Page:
Starfield Will Be “Next Generation” In Every Way, Says Bethesda – “We’re Pushing It”

Starfield

Among the various exciting announcements rained down upon us during this past E3, one of the most intriguing yet simple presentations introduced a mysterious new game titled Starfield. The promise of Bethesda’s first original project in 25 years and a short video teasing interstellar proportions was all that was revealed, leaving fans of the developer in a state of both awe and puzzlement.

With so little shown off, it’s realistic to assume multiple years of (im)patient waiting is ahead of us, an aspect Bethesda director Todd Howard plans to fully take advantage of. Talking with Eurogamer during Barcelona’s Gamelab conference, Howard spoke about what plans they have with creating a truly “next generation” experience and what how development plans to approach such an ambitious promise.

That to us means two things. It does mean hardware and it does mean software on our side, and it also means gameplay – what does the next generation of epic single-player RPGs feel like to us?

What systems we put it out on – what’s the hardware requirements – is still to be determined. We’re pushing it; we’re thinking very, very far in future so we’re building something that will handle next-generation hardware. That’s what we’re building on right now, that’s where our mind is, but that doesn’t mean it wouldn’t exist on the current systems as well.”

Starfield

The success of franchises such as The Elder Scrolls and Fallout have made the two experiences synonymous with what makes a “Bethesda RPG”. As Starfield is a fresh property aiming to represent a leap forward forward for the studio, the question arises whether the game will still be a recognizable adventure in that respect. As production is in early stages, Howard doesn’t have much to offer about these aesthetics, but does confirm numerous “new systems” that will be in place for the final game.

I don’t want to say yes or no to that because I don’t know what that means to you or whoever’s going to read that. It’s different, but if you sit down and play it you would recognise it as something we made if that makes sense? It has our DNA in it. It has things that we like.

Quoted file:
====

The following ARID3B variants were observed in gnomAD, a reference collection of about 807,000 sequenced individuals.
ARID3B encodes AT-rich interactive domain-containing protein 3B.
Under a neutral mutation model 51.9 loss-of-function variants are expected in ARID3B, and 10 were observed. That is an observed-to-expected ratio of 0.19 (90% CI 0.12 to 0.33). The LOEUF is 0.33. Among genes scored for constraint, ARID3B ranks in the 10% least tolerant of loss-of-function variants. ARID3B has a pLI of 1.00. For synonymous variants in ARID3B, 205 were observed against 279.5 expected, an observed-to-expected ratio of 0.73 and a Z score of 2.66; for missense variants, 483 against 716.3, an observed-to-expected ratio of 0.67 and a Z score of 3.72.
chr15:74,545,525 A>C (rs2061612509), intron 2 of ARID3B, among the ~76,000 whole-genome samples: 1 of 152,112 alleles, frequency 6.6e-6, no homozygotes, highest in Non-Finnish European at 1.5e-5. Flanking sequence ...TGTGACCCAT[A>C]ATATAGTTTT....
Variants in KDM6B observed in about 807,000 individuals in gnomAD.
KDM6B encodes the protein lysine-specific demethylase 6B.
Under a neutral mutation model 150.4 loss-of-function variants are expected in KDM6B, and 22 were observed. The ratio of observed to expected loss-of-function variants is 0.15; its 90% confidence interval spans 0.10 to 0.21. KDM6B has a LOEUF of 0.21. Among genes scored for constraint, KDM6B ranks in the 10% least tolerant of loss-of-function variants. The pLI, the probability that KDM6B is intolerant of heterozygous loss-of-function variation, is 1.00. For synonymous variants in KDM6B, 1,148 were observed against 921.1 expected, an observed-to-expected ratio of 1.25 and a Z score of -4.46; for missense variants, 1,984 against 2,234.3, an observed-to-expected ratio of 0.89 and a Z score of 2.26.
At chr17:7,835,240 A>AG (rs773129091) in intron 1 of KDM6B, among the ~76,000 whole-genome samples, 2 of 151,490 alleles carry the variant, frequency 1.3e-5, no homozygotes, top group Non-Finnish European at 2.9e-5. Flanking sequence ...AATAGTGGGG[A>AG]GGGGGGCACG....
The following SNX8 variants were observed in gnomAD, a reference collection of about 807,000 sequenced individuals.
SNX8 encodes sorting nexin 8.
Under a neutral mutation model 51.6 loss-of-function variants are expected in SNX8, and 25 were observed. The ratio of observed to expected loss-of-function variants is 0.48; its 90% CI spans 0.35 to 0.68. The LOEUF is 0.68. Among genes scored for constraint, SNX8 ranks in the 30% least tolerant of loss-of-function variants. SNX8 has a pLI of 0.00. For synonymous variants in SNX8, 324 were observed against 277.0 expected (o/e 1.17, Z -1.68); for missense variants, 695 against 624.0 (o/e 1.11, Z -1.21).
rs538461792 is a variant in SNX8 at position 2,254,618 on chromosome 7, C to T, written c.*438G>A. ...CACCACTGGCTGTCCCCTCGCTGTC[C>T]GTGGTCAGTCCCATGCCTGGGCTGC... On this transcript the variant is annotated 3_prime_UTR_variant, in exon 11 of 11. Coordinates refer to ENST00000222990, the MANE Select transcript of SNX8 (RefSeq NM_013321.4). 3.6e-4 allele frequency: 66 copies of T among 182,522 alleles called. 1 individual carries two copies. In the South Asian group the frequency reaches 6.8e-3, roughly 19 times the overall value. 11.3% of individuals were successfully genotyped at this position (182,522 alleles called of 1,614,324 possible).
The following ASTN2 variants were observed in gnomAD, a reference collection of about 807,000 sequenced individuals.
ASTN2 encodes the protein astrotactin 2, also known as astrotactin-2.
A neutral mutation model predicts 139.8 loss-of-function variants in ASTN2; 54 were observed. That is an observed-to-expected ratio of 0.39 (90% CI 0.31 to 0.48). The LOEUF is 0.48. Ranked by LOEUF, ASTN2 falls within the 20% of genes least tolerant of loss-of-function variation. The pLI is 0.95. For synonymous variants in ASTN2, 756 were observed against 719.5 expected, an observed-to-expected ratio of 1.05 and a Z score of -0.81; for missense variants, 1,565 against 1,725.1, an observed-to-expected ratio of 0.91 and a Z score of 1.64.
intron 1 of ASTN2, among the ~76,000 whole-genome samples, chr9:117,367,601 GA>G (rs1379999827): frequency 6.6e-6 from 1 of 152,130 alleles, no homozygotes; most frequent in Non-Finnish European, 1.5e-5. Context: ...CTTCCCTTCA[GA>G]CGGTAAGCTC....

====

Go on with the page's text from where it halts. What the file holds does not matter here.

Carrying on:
But it has a lot of new systems we’ve been thinking about for a while that fit that kind of game really well. We’ll talk about it in the future. See now I wish I hadn’t announced it!”

Starfield may not have much to show publicly, but Howard himself confirms the wheels have been in motion at Bethesda for a number of years, with development officially starting in late 2015. The project’s origins were said to go back even further than that, with ideas rattling around the director’s mind as early as 2004.

We had made a list of what we might want to do in the future and an epic science-fiction game has always been on my mind. OK post-apocalyptic was our first choice, sci-fi was our second at the time – we were going to do our own post-apocalyptic universe if we didn’t get Fallout [from Interplay in 2004].

We talked about it [sci-fi] and then it really picked up steam – ‘we’re gonna do this’ – when we registered the trademark about five years ago, and then we would talk about it from time to time, ‘What are we going to do?’ and then we started work right after Fallout 4 was finished.”

With all this long-standing effort, the game ahead is seeming to be quite an impressive endeavor, despite not having much revealed. As Bethesda has often been behind many of the most creatively acclaimed games in recent years, perhaps the hype behind Starfield may turn out to be warranted. But for now, we’ll let the fans continue watching that E3 reveal trailer on repeat.

What do you think? Are you looking forward to the “next generation” gaming of Starfield, or is the long wait for anything concrete an excruciating experience? Let us know in the comments below, and be sure to follow Don’t Feed the Gamers on Twitter and Facebook to be informed of the latest gaming and entertainment news 24 hours a day! For more from the realm of Bethesda, check out these next few news stories:

Eric Hall2691 Posts

Phone-browsing Wikipedia in one hand and clutching his trusty controller in the other, the legendary Eric Hall spreads his wealth of knowledge as a writer for Don't Feed the Gamers. Be sure to catch his biweekly "Throwback Thursday" segment for a nostalgic look at trivia from the past.

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